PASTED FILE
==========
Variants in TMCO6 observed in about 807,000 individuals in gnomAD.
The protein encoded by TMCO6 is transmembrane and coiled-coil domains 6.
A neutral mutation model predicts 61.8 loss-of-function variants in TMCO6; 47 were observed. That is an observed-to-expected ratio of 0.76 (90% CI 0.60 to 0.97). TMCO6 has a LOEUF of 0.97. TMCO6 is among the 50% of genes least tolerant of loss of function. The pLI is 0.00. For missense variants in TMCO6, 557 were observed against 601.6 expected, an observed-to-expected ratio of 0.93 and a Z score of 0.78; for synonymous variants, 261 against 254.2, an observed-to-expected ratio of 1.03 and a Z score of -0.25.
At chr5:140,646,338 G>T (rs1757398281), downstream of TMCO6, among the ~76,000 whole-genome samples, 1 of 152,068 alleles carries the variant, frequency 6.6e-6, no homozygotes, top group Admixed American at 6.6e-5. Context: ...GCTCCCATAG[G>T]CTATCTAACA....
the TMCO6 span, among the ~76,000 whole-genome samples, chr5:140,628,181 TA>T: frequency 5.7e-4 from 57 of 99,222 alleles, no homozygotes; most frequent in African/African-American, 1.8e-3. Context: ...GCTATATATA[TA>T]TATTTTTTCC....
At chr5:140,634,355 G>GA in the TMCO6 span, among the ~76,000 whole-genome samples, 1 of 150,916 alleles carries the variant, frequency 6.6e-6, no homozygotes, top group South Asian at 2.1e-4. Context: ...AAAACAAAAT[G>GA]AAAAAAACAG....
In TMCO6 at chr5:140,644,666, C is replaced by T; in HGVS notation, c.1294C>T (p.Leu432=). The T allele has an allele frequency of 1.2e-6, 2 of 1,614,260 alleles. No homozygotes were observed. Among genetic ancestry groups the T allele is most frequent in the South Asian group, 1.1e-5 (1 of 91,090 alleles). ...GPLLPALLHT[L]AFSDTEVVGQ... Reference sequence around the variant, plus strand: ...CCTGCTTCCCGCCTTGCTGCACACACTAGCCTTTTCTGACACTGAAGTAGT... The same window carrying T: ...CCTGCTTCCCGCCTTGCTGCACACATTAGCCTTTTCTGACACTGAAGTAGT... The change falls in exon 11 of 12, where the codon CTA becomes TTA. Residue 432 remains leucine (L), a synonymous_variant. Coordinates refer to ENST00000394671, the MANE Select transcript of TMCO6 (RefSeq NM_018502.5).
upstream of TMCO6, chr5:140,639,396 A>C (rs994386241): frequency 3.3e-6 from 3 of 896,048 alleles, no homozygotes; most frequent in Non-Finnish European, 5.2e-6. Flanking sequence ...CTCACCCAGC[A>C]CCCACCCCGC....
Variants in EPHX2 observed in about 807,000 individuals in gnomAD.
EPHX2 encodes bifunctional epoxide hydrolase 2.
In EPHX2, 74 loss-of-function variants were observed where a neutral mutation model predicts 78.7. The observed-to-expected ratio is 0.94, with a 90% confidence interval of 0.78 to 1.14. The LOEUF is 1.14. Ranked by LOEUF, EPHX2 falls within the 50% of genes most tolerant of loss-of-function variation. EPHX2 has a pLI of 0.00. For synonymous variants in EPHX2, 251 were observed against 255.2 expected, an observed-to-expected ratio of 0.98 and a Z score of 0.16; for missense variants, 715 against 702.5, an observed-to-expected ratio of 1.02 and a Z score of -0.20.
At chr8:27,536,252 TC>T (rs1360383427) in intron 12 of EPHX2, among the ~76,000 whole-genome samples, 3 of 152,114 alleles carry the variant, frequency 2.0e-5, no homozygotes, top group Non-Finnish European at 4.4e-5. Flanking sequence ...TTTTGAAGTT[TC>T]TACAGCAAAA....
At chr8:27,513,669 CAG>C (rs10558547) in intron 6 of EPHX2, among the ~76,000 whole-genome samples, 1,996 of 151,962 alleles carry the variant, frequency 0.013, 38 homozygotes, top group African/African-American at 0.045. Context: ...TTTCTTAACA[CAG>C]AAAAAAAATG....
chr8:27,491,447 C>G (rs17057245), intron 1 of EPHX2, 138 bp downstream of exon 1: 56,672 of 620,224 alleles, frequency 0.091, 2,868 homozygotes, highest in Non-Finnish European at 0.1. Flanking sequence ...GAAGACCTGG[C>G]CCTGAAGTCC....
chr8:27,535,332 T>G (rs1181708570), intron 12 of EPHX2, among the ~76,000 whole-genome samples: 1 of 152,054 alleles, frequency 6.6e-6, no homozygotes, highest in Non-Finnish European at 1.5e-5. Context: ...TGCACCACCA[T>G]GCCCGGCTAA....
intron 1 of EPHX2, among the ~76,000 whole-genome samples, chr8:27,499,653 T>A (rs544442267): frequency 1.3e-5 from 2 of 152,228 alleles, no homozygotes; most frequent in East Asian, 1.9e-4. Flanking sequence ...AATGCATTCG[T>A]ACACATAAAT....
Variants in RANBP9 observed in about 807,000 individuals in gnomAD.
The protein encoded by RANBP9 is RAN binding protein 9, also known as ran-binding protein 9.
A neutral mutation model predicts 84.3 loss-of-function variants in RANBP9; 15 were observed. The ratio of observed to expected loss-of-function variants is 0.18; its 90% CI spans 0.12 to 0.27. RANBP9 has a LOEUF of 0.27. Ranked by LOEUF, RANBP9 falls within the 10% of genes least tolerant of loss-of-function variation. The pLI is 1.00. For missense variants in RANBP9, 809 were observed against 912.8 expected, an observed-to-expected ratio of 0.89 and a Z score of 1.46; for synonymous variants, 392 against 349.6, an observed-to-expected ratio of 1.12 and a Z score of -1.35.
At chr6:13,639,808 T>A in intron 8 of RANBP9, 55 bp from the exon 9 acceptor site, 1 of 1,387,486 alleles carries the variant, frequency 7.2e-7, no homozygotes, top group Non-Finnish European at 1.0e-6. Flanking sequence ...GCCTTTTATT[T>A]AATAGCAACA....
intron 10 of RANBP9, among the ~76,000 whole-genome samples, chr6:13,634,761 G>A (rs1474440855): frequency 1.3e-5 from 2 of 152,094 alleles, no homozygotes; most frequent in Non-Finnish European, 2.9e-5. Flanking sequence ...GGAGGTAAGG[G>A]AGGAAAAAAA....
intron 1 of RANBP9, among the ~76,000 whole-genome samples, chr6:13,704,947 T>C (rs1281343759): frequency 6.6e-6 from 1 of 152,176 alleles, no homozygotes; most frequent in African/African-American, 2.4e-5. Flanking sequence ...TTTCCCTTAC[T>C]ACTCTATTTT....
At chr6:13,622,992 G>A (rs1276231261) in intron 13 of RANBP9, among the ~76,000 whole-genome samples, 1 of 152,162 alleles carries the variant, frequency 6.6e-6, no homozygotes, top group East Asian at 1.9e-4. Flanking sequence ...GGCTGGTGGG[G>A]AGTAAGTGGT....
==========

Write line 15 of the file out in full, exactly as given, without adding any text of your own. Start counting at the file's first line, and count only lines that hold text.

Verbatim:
chr8:27,535,332 T>G (rs1181708570), intron 12 of EPHX2, among the ~76,000 whole-genome samples: 1 of 152,054 alleles, frequency 6.6e-6, no homozygotes, highest in Non-Finnish European at 1.5e-5. Context: ...TGCACCACCA[T>G]GCCCGGCTAA....